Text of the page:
October 5th was World Teachers Day. While this may have only been a blip on most peoples’ radar back in the States, it was something of a big deal here in Vanuatu. At least is was here in SE Ambrym. I admit that, initially, I wasn’t looking forwards to attending the celebrations, especially when I was told we’d have to wake up early in the morning to walk to another village. Many celebrations are all day affairs and packed with people, meaning that you’re usually gawked at by gaggles of children and mamas from other villages. They have the potential to be emotionally draining.
Waking up at sunrise, my family and I began the long walk to the village of Paamal, which was hosting the day’s events at its school. I had never step foot in the secluded village nor had I met many of its residents as it was the only French-speaking and Catholic village in the region. All I knew about this place was that their students had the cutest of uniforms. We arrived sometime around 8:30am. To my surprise it was a small affair; perhaps only a couple dozen teachers and their families were in attendance, with the women and children languidly reposing under the cool shade of a mango tree while the men were off someplace. There was also no music playing, which was remarkably out of place for Ni-van celebrations. I took my place amongst the mamas, finding an open mat in the shade. Now we began one of Vanuatu’s favorite pastimes: waiting. Festivities were scheduled to start at 9 but… Island time.
Things finally got up and running around 11am (woo only three hours late!), when people were starting to get hungry. Unfortunately, the delay was caused by other Peace Corps volunteers who wouldn’t show up for several more hours. Eventually our Ni-van colleagues gave up on waiting and got started. It was a short affair, with only a few speeches made by various principals and our Zone Curriculum Advisor (ZCA). It was then that I realized that, despite this being a comparatively humble gathering, this meant a lot to those in attendance. For many teachers, working in a school is a thankless job. Literally. Some haven’t been paid by the government in nearly a decade and, seeing as how they’re in the classroom all day, that’s one less person working in the garden to gather food for their families. With no pay and the opportunity cost associated with being busy during the day, teaching has become a major sacrifice for many. While I knew that issues with pay delays were common in Vanuatu, I suppose that the reality of it never fully sank in.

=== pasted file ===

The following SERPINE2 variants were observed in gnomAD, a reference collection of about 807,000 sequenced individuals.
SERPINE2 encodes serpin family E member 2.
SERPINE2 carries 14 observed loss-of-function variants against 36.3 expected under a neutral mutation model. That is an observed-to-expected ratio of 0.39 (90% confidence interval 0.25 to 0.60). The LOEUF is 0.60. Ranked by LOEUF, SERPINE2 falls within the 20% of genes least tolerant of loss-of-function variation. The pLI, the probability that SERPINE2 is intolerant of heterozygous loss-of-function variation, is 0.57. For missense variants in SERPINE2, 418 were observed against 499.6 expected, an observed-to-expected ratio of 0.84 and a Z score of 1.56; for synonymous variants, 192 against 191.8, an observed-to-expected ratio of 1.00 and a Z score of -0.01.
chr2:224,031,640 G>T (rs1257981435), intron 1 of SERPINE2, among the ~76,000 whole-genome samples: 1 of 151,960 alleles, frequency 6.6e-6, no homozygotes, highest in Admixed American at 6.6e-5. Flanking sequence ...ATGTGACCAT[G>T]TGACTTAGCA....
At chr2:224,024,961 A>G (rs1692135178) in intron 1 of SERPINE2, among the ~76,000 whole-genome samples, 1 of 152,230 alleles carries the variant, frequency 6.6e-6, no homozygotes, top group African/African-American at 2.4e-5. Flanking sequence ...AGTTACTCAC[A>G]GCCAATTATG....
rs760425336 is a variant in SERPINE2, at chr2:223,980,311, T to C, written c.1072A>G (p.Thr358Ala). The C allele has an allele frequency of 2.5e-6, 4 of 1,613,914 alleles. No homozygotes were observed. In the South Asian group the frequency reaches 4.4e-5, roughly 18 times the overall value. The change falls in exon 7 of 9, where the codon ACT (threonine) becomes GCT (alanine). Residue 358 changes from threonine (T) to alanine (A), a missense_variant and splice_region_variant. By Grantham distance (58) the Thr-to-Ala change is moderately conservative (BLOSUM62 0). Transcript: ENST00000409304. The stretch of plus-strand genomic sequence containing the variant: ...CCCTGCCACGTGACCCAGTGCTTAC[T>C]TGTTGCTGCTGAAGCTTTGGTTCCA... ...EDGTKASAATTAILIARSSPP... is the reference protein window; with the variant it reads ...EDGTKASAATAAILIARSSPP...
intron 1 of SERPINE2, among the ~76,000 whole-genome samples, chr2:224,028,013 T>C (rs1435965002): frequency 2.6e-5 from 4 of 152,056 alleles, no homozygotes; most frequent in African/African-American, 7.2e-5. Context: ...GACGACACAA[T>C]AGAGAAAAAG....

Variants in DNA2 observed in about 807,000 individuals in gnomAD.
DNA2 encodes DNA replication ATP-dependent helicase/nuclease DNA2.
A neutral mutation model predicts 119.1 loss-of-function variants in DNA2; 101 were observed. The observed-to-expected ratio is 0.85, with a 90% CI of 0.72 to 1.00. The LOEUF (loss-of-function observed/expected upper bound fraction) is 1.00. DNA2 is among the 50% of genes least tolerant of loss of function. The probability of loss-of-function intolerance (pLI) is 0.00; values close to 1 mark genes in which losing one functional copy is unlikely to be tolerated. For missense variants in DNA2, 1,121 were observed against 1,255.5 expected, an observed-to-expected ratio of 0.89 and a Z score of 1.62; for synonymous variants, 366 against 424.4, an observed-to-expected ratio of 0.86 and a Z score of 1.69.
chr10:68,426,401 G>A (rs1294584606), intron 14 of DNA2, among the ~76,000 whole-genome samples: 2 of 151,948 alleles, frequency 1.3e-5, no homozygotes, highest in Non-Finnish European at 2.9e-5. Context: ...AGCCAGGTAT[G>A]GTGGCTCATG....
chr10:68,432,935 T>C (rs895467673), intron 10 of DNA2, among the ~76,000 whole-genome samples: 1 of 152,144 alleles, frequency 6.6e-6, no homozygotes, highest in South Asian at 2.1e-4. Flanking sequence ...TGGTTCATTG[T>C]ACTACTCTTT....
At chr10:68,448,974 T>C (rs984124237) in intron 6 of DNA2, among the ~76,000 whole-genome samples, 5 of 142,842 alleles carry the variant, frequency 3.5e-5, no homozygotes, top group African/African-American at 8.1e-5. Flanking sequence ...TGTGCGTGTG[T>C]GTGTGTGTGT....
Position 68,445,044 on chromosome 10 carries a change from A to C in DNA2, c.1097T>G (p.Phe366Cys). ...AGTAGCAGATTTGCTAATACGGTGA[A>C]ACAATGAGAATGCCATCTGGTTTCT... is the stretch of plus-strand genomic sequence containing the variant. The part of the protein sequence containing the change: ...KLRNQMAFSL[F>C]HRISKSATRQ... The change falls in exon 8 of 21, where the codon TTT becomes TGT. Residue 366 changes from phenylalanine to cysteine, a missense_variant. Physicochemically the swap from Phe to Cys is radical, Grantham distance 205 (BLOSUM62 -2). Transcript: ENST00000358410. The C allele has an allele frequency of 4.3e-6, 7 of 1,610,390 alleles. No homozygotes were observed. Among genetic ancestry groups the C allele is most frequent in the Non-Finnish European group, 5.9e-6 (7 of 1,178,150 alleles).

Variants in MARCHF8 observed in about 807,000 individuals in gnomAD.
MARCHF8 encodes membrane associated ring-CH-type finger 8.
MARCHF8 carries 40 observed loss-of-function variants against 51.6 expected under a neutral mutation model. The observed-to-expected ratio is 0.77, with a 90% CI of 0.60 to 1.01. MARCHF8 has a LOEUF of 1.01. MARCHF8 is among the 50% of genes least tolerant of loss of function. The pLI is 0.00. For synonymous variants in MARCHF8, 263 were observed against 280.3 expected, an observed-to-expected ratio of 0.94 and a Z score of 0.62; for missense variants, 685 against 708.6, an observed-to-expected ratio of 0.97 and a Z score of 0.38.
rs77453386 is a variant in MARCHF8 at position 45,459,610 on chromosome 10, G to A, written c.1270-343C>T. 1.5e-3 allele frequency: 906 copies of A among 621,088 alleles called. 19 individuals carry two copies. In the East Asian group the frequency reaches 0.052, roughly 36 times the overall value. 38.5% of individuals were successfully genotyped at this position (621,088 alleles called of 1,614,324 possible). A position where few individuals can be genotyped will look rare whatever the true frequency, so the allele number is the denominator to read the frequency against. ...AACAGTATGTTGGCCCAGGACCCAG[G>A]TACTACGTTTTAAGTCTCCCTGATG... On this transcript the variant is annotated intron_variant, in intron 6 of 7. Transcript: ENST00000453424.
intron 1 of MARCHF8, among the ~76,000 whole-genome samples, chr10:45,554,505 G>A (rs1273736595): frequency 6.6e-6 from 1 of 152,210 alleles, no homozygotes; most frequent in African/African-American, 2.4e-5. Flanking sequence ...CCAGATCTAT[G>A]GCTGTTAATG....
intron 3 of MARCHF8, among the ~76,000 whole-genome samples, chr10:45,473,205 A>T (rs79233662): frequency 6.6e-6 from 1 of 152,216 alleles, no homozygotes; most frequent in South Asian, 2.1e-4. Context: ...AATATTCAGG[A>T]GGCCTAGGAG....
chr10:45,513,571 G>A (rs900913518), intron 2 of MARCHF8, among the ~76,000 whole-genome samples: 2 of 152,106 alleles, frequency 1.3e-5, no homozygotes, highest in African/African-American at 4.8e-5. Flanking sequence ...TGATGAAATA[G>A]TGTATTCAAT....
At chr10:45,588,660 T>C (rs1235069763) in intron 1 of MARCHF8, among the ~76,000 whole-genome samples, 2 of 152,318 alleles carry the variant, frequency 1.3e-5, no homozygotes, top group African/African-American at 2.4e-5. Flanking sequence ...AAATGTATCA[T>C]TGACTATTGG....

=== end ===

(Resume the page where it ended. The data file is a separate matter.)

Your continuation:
Life is hard on the island, harder than I could ever imagine. The amount of work people put into their everyday lives is frankly astonishing and impressive. So the fact that there are dozens of individuals willing to dedicate years of their life to the edification of the next generations with little to no recognition from their government, it’s commendable but it’s also heartbreaking. The ZCA himself began to tear up during his speech. Everyone present has relied upon the generosity of their communities to survive, and surviving off of the generosity of others is a hard existence. But you’d never guess based off of daily interactions with these teachers; they’ve embraced their circumstances with a grace and humbleness that the rest of the world could learn from. So, attending World Teachers Day was an edifying experience for me: I saw a side of life here that normally I would not be privy to in day to day interactions. In a society where emotion is frequently veiled, this was a particularly vulnerable moment for many individuals present. Despite this, it was empowering and, more importantly, hopeful.